Two specks shine in the shrubbery. Then a rustle, a soft thump. It is his cat, Trigger. He murmurs to me in cat-talk, gurgling, purring, and then, ducking his head, folds on to his back and waves his paws at me. This is more dangerous than the snail, since her mother might hear and open another window to let him in, but I smile all the same. Crazy cat I whisper, stroking his head. Reaggle, ruggle uck, he replies and slopes ahead of me, under the net gate. He knows.

I told you how he fell in love with me, if it was me. I fell in love with him over Trigger. We'd been at hockey. As we turned into his street a car squealed to a stop and collided with a small animal. He dropped his bag, cried out Trigger! and sprinted up the middle of the road, faster than she ever did at hockey, and that was fast. The man had moved the animal and got back into his car before he got there, but he smashed his hockey stick into the boot as he took off. By the time I caught up, lugging his bag, he was sitting on the curb with tears in his fierce eyes, holding a dead possum. They're night creatures, he said. They shouldn't come out during the day.

The next gate is only a problem if there is someone in the kitchen, which there isn't. The latch is already undone. Trigger has disappeared, but as I round the back of the house I can hear him. He has found something.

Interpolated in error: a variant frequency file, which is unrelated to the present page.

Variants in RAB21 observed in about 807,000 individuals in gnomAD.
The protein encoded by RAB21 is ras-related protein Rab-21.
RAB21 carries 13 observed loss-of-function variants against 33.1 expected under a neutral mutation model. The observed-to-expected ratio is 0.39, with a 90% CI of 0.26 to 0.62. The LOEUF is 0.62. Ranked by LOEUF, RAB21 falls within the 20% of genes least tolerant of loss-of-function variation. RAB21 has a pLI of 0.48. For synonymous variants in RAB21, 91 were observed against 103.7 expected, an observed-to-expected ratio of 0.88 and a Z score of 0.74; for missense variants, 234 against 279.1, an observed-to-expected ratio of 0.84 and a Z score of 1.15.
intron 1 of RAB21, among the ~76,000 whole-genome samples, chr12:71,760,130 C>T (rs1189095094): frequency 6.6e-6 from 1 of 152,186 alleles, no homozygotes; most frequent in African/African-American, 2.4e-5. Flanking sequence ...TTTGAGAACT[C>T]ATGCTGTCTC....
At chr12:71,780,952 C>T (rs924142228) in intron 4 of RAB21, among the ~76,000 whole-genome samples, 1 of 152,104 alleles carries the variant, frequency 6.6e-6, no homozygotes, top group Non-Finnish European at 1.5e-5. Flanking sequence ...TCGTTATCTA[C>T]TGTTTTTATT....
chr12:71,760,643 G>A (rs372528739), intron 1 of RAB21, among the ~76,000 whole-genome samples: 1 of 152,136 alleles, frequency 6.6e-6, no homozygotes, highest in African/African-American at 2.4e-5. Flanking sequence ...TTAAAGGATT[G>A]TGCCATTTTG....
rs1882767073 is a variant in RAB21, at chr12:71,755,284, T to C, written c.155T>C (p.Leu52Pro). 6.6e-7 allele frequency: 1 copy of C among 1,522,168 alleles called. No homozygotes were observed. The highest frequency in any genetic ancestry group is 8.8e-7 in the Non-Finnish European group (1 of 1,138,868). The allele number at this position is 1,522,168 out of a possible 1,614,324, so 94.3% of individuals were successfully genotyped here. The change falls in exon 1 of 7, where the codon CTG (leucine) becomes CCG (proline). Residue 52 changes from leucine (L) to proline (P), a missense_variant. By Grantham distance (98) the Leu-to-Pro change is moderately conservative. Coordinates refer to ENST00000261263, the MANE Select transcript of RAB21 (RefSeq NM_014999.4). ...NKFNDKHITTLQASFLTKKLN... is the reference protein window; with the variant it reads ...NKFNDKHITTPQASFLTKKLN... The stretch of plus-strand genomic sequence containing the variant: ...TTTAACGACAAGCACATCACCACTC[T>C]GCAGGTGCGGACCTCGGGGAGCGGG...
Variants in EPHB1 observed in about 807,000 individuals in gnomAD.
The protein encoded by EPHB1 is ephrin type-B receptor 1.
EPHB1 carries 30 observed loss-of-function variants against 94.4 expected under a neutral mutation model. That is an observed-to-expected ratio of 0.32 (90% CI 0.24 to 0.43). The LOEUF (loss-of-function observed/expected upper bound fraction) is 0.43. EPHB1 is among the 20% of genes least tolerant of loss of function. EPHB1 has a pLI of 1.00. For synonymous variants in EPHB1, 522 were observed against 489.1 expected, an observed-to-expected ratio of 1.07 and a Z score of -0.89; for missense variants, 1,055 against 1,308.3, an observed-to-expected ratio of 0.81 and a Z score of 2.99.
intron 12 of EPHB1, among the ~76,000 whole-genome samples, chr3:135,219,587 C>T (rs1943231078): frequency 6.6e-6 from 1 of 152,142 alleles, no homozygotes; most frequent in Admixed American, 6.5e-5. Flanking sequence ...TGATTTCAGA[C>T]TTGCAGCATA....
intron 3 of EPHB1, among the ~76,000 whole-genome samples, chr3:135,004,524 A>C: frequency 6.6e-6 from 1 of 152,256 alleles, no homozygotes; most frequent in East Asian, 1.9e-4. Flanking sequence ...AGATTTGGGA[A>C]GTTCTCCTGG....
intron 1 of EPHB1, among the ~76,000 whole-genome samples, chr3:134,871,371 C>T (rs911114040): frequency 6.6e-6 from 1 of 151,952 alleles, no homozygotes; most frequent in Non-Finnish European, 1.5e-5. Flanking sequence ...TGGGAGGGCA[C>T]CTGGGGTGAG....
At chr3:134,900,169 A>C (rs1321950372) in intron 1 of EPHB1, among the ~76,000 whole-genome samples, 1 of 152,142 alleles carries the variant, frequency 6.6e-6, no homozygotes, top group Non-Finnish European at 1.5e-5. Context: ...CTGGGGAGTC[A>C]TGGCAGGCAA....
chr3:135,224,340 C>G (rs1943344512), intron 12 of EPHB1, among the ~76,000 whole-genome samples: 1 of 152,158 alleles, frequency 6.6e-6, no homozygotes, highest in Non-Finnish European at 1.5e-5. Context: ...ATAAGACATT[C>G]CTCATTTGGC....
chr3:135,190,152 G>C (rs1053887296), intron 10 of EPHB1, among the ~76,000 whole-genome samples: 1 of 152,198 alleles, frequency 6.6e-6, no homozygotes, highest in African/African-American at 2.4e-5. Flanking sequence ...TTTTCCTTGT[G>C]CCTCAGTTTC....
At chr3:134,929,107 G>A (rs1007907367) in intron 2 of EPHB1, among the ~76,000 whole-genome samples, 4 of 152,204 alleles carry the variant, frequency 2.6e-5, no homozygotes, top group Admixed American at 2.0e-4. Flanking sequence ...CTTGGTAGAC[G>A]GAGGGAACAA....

It is him. The outline of his tall body stands against the blue night. I gasp, quietly as it is possible to gasp- maybe what they call a sharp intake of air, except there is nothing sharp about this, I am melting inside. In my mind, well prepared for tomorrow's exam, I am quoting like a good English scholar, It is my lord, O it is my love, but in my heart I am thinking, I am feeling. He is waiting. He is expecting me.

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now i'm cruising through a chromakey blue sky/and i know/that in an hour or three/the sun is gonna be in my eyes and i know that sometimes all i can see/is how i feel like the whole world is on the other side/of a dirty windshield/and i'm tryin to see through the glare/yes i'm struggling just to see what's there

Myke
mike2784@yahoo.com